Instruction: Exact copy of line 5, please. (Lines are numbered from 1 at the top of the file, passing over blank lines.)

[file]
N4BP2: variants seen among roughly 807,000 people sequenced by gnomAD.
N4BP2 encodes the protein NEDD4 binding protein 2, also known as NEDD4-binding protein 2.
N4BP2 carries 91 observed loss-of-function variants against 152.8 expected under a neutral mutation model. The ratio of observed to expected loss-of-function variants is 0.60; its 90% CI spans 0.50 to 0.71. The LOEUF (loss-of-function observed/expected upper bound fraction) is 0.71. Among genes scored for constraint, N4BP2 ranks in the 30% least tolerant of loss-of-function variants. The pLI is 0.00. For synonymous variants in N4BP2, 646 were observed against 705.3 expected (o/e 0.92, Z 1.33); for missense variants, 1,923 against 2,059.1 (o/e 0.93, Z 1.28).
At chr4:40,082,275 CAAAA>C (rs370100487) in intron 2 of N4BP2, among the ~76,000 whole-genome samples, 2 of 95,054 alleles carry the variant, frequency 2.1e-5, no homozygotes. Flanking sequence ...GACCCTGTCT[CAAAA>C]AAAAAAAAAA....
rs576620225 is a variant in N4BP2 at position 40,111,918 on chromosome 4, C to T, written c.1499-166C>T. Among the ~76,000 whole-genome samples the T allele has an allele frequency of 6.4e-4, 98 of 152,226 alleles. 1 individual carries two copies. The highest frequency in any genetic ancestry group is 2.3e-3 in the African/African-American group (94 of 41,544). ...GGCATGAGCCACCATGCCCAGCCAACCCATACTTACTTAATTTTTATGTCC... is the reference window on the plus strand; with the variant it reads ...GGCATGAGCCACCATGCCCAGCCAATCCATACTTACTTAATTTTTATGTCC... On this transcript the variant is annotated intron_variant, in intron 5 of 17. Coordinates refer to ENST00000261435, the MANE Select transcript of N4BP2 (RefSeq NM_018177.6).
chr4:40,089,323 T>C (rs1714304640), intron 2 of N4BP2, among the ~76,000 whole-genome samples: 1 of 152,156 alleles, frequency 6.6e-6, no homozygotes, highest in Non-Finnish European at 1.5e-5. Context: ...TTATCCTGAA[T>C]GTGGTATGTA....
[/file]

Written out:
rs576620225 is a variant in N4BP2 at position 40,111,918 on chromosome 4, C to T, written c.1499-166C>T. Among the ~76,000 whole-genome samples the T allele has an allele frequency of 6.4e-4, 98 of 152,226 alleles. 1 individual carries two copies. The highest frequency in any genetic ancestry group is 2.3e-3 in the African/African-American group (94 of 41,544). ...GGCATGAGCCACCATGCCCAGCCAACCCATACTTACTTAATTTTTATGTCC... is the reference window on the plus strand; with the variant it reads ...GGCATGAGCCACCATGCCCAGCCAATCCATACTTACTTAATTTTTATGTCC... On this transcript the variant is annotated intron_variant, in intron 5 of 17. Coordinates refer to ENST00000261435, the MANE Select transcript of N4BP2 (RefSeq NM_018177.6).